It occurred to me last night, as I was assembling the thirty ingredients for a recipe from a cookbook received for Christmas, that cookery and the pursuit of beauty will integrate us far faster than hate speech laws, sensitivity training and the hectoring of our superiors. Our senses are ravenous for novelty and where is it easily acquired? The culture of the mysterious other. Two of the three cookbooks I recently acquired focus intensively on Middle-Eastern and Asian cookery, and because I am bored rustling up the usual European country fare or Waspish hunks of roasted meat, I will inevitably slide over to Iranian-American Samin Nozrat or Donna Hay’s investigation of Middle Eastern cookery or even in a mad courageous moment OttoLenghi who remains the ascendant god in cookery circles. Even his salad ingredients can be 20 ingredients long, and mastering that complexity is a perfect antidote for the bored and restless.
Upper-middle-class women have defined culture for five thousand years. Even in these ferociously egalitarian days, the shoppers, the drivers of the marketplace are women of leisure. Women with or without children with the time and money and taste to beautify their lives and the lives of their family are the culture, the Ting, the investigators and originators of pleasures high and low. Without them, capitalism falters and fails. Everyone follows them whether they like it or not. And who are they following? Gwyneth Paltrow and cooks like Iranian-American Samin Nosrat, who trained at Panisse and has a four-part hit Netflix show on the refinement of the fundamentals of cooking.
[epq-quote align=”align-left”]I would argue that these days we are all upper-middle-class women, especially those in the gig economy because more often than not, in the leisure time provided by the gig economy, we acquire and investigate in their footsteps.[/epq-quote]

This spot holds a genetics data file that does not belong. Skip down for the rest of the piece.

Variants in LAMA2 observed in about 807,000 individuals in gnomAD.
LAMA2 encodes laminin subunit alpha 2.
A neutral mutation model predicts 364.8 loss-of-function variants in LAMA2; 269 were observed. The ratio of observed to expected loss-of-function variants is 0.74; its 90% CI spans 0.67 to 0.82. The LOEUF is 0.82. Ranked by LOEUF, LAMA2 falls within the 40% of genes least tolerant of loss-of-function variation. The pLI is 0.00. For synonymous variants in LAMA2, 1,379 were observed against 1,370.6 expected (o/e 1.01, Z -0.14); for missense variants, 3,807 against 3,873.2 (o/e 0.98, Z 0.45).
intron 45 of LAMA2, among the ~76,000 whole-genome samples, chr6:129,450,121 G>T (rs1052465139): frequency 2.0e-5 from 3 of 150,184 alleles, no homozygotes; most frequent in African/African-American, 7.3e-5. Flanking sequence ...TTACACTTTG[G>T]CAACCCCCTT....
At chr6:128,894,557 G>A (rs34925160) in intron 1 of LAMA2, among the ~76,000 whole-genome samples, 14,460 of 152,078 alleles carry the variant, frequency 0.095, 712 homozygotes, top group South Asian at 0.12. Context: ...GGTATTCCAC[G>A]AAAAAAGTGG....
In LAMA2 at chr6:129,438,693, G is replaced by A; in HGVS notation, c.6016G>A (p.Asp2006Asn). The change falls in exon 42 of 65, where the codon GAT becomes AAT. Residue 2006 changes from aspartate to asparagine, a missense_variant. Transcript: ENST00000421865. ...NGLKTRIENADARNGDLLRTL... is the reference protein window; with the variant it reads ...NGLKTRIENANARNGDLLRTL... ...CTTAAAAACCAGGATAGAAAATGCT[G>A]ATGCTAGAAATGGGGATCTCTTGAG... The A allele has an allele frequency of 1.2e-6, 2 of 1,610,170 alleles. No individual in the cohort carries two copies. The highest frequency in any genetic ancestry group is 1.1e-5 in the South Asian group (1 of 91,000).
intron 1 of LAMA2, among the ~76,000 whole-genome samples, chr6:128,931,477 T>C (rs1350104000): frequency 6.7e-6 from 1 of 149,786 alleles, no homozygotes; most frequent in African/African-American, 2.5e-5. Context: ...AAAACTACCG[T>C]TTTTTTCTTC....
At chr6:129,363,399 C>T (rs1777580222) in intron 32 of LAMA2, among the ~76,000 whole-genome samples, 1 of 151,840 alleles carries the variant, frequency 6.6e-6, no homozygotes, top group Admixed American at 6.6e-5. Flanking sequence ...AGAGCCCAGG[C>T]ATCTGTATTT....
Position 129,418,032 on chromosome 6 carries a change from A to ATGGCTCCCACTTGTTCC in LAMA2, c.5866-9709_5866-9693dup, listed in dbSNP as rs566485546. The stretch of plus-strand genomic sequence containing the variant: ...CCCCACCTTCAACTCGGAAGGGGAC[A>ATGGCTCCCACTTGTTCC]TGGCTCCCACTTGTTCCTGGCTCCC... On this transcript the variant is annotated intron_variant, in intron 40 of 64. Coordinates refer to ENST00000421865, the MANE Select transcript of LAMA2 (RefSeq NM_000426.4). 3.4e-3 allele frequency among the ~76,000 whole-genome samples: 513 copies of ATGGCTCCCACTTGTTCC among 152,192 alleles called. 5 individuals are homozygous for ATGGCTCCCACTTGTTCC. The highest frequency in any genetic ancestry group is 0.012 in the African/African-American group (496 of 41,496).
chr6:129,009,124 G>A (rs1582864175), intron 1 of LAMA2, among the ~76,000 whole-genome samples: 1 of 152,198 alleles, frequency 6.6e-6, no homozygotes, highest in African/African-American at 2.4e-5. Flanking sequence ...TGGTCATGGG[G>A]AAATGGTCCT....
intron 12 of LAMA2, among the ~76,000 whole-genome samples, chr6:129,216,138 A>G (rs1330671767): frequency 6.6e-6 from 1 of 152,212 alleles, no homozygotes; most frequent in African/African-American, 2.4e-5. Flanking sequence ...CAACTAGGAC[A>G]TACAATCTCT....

Paltrow’s Goop does the same for beauty and fashion, and Paltrow, with her blend of crazy and gorgeous married to vertiginous prices, owns the space. There is no better marketer around, the Chinese and Koreans knock her off within seconds, selling her products to the less well-heeled at a fraction of the price. Paltrow draws from every culture, Korean, Indian, African, whatever, if it promises grooming or health that will put its user ahead in the sexual game, Goop editors don’t care, up it goes on the site, and eagerly purchased it is. I cannot wait for the update from the seraglio.
The NYTimes Magazine published an essay last weekend trying to establish why the hell animals display beauty beyond the mating season. This observation is frustrating to the usual reader of the NYTimes because properly, everything must be reduced to its utilitarian purpose. But in fact, as the writer observes:
“Sometimes beauty is the glorious but meaningless flowering of arbitrary preference. Animals simply find certain features — a blush of red, a feathered flourish — to be appealing. And that innate sense of beauty itself can become an engine of evolution, pushing animals toward aesthetic extremes. In other cases, certain environmental or physiological constraints steer an animal toward an aesthetic preference that has nothing to do with survival whatsoever.”
Turning our attention to beauty and pleasure is probably a lot healthier than engaging in the psychotic shrieks of alarm that pervade our public lives. And when next we turn around, all will be peace.